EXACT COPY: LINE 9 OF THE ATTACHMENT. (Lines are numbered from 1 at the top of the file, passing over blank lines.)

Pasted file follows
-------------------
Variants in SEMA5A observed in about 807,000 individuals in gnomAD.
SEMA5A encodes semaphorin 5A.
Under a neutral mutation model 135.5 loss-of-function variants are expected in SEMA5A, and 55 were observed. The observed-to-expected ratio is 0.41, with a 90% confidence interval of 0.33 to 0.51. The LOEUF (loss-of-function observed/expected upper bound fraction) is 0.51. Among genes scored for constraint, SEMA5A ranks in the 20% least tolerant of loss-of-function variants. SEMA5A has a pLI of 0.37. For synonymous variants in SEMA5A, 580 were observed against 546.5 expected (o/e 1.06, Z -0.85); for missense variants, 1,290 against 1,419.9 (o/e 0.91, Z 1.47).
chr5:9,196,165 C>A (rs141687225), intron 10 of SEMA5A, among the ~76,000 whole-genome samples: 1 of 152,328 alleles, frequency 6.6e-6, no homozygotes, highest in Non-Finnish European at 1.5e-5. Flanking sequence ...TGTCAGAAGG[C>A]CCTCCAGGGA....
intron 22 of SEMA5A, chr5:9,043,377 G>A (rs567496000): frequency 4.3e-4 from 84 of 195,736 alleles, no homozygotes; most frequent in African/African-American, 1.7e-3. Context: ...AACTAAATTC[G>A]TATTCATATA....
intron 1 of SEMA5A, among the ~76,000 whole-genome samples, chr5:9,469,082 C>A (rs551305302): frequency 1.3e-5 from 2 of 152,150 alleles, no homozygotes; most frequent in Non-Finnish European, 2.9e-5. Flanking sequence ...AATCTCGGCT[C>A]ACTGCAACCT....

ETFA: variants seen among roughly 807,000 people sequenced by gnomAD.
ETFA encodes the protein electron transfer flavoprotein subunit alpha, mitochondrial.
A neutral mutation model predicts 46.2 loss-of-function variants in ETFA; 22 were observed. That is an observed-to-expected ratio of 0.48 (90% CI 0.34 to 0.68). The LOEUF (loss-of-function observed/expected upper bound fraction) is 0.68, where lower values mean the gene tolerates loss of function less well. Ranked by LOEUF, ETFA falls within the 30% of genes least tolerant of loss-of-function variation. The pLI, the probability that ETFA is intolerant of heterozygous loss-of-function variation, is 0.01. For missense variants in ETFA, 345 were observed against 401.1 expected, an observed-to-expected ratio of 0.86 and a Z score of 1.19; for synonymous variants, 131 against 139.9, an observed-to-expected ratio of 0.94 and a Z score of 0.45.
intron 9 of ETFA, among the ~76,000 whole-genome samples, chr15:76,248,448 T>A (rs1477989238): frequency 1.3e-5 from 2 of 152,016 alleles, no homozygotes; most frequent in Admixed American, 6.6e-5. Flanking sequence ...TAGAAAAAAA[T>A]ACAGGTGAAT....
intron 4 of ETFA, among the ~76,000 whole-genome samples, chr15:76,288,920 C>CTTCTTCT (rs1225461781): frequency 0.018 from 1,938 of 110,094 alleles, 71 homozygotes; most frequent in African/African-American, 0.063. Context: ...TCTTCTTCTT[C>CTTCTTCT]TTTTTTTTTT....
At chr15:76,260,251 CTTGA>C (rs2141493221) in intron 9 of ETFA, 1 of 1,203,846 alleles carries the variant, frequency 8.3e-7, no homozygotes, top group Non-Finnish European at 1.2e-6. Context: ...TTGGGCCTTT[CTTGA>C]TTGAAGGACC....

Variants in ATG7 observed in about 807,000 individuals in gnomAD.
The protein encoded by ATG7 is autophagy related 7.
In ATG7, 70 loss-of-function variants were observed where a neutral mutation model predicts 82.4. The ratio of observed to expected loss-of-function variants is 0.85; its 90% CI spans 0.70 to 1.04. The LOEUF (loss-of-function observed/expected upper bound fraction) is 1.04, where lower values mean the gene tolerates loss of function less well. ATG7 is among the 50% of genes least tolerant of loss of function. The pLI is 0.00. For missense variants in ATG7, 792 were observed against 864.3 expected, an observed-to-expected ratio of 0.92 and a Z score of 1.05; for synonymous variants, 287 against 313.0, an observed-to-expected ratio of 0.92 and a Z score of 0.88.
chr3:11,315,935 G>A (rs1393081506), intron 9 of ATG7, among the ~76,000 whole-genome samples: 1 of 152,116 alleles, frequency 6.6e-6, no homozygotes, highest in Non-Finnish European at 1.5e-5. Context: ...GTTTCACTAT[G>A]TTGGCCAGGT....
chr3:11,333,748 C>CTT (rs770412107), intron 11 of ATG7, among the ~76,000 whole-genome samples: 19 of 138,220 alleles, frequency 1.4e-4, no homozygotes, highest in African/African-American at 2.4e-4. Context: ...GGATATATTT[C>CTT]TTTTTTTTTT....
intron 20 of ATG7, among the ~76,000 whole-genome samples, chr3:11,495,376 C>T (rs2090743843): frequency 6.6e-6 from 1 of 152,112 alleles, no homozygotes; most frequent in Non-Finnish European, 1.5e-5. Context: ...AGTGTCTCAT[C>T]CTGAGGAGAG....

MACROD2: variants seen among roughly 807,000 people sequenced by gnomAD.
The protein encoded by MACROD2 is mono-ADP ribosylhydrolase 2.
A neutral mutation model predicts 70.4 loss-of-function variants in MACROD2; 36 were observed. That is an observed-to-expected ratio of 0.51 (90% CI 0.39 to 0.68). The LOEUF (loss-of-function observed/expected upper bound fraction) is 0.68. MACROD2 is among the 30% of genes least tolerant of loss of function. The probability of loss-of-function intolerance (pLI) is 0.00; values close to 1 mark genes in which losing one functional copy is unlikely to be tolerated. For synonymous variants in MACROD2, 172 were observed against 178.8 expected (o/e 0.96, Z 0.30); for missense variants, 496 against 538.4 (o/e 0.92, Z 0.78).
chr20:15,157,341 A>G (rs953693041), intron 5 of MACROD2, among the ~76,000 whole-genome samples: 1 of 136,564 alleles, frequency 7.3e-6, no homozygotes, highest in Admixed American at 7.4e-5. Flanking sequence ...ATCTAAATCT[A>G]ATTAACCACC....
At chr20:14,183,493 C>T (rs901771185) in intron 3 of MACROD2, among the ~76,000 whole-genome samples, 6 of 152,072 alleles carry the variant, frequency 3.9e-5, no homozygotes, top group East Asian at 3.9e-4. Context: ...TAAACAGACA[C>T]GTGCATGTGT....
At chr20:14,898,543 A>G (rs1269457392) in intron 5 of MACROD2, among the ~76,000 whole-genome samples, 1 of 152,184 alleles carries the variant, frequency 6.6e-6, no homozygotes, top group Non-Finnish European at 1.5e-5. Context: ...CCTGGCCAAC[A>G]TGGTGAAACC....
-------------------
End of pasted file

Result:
A neutral mutation model predicts 46.2 loss-of-function variants in ETFA; 22 were observed. That is an observed-to-expected ratio of 0.48 (90% CI 0.34 to 0.68). The LOEUF (loss-of-function observed/expected upper bound fraction) is 0.68, where lower values mean the gene tolerates loss of function less well. Ranked by LOEUF, ETFA falls within the 30% of genes least tolerant of loss-of-function variation. The pLI, the probability that ETFA is intolerant of heterozygous loss-of-function variation, is 0.01. For missense variants in ETFA, 345 were observed against 401.1 expected, an observed-to-expected ratio of 0.86 and a Z score of 1.19; for synonymous variants, 131 against 139.9, an observed-to-expected ratio of 0.94 and a Z score of 0.45.